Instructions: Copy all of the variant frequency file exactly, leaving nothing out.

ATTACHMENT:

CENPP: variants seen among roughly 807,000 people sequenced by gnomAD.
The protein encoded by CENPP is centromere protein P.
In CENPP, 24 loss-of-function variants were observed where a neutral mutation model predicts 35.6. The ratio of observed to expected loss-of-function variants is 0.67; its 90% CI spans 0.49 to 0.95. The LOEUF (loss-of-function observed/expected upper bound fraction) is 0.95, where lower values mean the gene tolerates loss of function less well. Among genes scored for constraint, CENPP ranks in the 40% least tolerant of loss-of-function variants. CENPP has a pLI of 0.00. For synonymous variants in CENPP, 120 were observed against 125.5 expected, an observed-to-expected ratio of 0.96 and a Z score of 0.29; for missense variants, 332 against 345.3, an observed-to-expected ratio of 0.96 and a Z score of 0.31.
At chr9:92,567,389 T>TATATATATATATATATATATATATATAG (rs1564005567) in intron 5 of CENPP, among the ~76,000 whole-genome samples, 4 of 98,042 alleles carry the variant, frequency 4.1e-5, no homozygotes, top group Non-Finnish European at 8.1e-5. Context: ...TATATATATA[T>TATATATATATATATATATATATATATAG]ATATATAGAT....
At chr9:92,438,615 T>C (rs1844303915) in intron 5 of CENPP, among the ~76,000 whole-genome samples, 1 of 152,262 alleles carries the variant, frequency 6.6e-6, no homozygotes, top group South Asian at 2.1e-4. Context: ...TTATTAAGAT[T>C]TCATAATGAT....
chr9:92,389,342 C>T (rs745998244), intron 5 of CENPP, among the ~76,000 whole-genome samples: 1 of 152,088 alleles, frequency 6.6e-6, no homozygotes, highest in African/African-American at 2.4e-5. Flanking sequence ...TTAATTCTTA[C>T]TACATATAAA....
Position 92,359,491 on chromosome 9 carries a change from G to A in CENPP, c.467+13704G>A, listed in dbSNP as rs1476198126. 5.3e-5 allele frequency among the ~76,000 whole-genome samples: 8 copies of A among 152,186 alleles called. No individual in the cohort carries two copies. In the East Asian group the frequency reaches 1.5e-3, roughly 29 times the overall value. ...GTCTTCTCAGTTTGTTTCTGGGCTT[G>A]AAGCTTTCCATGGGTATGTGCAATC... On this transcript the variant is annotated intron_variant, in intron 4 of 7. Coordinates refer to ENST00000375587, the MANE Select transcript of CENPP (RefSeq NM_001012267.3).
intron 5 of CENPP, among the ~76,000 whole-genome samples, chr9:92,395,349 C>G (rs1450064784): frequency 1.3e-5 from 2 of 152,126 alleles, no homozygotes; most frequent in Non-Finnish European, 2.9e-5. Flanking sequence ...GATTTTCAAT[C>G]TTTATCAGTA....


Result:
CENPP: variants seen among roughly 807,000 people sequenced by gnomAD.
The protein encoded by CENPP is centromere protein P.
In CENPP, 24 loss-of-function variants were observed where a neutral mutation model predicts 35.6. The ratio of observed to expected loss-of-function variants is 0.67; its 90% CI spans 0.49 to 0.95. The LOEUF (loss-of-function observed/expected upper bound fraction) is 0.95, where lower values mean the gene tolerates loss of function less well. Among genes scored for constraint, CENPP ranks in the 40% least tolerant of loss-of-function variants. CENPP has a pLI of 0.00. For synonymous variants in CENPP, 120 were observed against 125.5 expected, an observed-to-expected ratio of 0.96 and a Z score of 0.29; for missense variants, 332 against 345.3, an observed-to-expected ratio of 0.96 and a Z score of 0.31.
At chr9:92,567,389 T>TATATATATATATATATATATATATATAG (rs1564005567) in intron 5 of CENPP, among the ~76,000 whole-genome samples, 4 of 98,042 alleles carry the variant, frequency 4.1e-5, no homozygotes, top group Non-Finnish European at 8.1e-5. Context: ...TATATATATA[T>TATATATATATATATATATATATATATAG]ATATATAGAT....
At chr9:92,438,615 T>C (rs1844303915) in intron 5 of CENPP, among the ~76,000 whole-genome samples, 1 of 152,262 alleles carries the variant, frequency 6.6e-6, no homozygotes, top group South Asian at 2.1e-4. Context: ...TTATTAAGAT[T>C]TCATAATGAT....
chr9:92,389,342 C>T (rs745998244), intron 5 of CENPP, among the ~76,000 whole-genome samples: 1 of 152,088 alleles, frequency 6.6e-6, no homozygotes, highest in African/African-American at 2.4e-5. Flanking sequence ...TTAATTCTTA[C>T]TACATATAAA....
Position 92,359,491 on chromosome 9 carries a change from G to A in CENPP, c.467+13704G>A, listed in dbSNP as rs1476198126. 5.3e-5 allele frequency among the ~76,000 whole-genome samples: 8 copies of A among 152,186 alleles called. No individual in the cohort carries two copies. In the East Asian group the frequency reaches 1.5e-3, roughly 29 times the overall value. ...GTCTTCTCAGTTTGTTTCTGGGCTT[G>A]AAGCTTTCCATGGGTATGTGCAATC... On this transcript the variant is annotated intron_variant, in intron 4 of 7. Coordinates refer to ENST00000375587, the MANE Select transcript of CENPP (RefSeq NM_001012267.3).
intron 5 of CENPP, among the ~76,000 whole-genome samples, chr9:92,395,349 C>G (rs1450064784): frequency 1.3e-5 from 2 of 152,126 alleles, no homozygotes; most frequent in Non-Finnish European, 2.9e-5. Flanking sequence ...GATTTTCAAT[C>G]TTTATCAGTA....